For each hemispheric analogy (vectors’ linear combinations; see methods for details), the median rank was calculated across 500 node2vec iterations. For example, vec(“Left Amygdala”)—vec(“Left Fusiform Gyrus”) + vec(“Right Fusiform Gyrus”) should yield a vector that has the smallest distance to vec(“Right Amygdala”) compared with all other node vector embeddings (see Fig. 1e). If the calculated vector is indeed closest to vec(“Right Amygdala”), then the rank difference of the analogy would be 0; Hence we termed this node (in this example, the Right Amygdala) as the expected node. Note that higher ranking means that the expected node embedding was less similar to the calculated vector and consequently higher ranking reflects worse performance. Thus, if across all possible analogies, a high proportion of the expected nodes would have a low rank (a small distance from the linearly combined vector), then one could infer that the obtained vector representations encompass meaningful topological information.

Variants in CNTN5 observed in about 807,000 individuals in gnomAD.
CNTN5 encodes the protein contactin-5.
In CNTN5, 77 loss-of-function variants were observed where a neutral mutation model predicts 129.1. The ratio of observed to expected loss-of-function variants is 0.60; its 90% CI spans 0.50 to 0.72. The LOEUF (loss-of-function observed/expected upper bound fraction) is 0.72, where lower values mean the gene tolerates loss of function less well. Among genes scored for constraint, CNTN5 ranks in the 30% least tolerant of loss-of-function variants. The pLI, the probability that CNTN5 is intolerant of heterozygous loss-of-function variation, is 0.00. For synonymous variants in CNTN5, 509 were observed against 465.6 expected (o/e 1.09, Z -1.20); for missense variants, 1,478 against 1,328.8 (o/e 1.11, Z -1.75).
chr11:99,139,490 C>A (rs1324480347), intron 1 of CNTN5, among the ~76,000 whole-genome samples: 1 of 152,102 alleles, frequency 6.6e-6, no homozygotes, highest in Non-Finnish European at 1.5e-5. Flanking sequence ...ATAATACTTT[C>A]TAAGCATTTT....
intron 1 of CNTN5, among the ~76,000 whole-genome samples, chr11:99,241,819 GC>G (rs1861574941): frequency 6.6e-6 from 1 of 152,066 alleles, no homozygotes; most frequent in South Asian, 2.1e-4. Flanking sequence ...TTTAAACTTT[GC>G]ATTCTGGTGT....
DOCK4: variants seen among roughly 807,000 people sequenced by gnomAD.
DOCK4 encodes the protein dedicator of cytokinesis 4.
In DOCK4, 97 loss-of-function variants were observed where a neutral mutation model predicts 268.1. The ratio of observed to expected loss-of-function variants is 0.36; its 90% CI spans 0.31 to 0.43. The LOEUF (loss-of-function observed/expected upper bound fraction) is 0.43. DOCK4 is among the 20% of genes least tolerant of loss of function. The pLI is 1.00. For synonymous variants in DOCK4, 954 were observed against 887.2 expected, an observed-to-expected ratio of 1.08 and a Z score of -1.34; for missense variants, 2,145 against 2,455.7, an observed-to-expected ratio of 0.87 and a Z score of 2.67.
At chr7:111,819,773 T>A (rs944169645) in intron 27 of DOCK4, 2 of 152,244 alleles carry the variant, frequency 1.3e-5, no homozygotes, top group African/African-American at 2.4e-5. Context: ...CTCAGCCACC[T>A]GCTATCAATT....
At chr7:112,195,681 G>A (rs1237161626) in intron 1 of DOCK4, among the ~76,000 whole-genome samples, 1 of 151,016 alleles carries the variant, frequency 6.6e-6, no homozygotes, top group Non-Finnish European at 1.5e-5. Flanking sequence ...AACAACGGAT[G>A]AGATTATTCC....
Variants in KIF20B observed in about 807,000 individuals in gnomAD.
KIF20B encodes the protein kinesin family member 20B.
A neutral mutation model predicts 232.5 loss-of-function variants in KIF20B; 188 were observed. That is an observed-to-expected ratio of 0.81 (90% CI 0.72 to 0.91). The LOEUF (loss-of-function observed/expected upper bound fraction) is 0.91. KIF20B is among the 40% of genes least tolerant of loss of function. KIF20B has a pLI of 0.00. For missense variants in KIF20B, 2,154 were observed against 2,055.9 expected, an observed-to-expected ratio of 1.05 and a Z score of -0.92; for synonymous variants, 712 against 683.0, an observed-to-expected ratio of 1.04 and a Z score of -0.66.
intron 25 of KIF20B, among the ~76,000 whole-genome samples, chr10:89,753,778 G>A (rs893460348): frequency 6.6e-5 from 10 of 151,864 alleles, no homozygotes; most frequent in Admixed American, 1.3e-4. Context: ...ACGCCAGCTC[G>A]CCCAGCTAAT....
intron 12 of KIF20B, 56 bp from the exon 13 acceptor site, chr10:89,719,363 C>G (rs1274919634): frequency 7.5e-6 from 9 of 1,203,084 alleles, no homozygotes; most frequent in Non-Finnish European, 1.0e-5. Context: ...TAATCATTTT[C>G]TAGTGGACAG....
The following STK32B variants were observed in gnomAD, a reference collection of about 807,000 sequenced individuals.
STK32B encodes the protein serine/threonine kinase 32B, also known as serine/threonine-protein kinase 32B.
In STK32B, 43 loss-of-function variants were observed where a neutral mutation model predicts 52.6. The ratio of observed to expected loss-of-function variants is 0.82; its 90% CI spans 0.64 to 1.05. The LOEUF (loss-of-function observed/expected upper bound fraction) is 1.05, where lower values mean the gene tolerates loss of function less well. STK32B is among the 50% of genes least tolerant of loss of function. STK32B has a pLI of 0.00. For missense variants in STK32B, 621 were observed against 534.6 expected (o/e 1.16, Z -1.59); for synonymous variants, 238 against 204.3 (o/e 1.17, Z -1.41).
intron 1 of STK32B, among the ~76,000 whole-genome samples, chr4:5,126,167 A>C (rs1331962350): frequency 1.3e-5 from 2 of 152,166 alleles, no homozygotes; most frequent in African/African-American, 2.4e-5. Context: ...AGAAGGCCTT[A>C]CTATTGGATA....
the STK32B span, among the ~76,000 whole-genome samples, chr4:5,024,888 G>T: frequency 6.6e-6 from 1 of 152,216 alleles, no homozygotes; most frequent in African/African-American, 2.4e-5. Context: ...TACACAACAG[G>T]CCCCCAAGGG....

Dataset 1: Across all hemispheric analogies, 54% of the expected nodes, 444 out of 820 (number of possible inter hemispheric analogies with 82 homologous nodes), were ranked as one of the top five nodes when using connectome embedding. In contrast, only 18.6%, 153 out of 820, of the expected nodes were ranked in the top five nodes using a conventional spectral embedding algorithm. The percentage of the top 5 ranked nodes significantly differed across these two embedding methods, χ2(1, N = 1640) = 223, p < 2.2e-16 (Fig. 2). Dataset 2: As was the case for Dataset 1, the difference between the connectome embedding and the spectral clustering analogies was significant. Across all hemispheric analogies, 30% of the expected nodes, 246 out of 820 (number of possible inter hemispheric analogies with 82 homologous nodes), were ranked as one of the top five nodes when using connectome embedding. In contrast, only 13%, 108 out of 820, of the expected nodes were ranked in the top five nodes using a conventional spectral embedding algorithm. The percentage of the top 5 ranked nodes significantly differed across these two embedding methods, χ2(1, N = 1640) = 68.6, p < 2.2e-16 (Supplementary Fig. 1).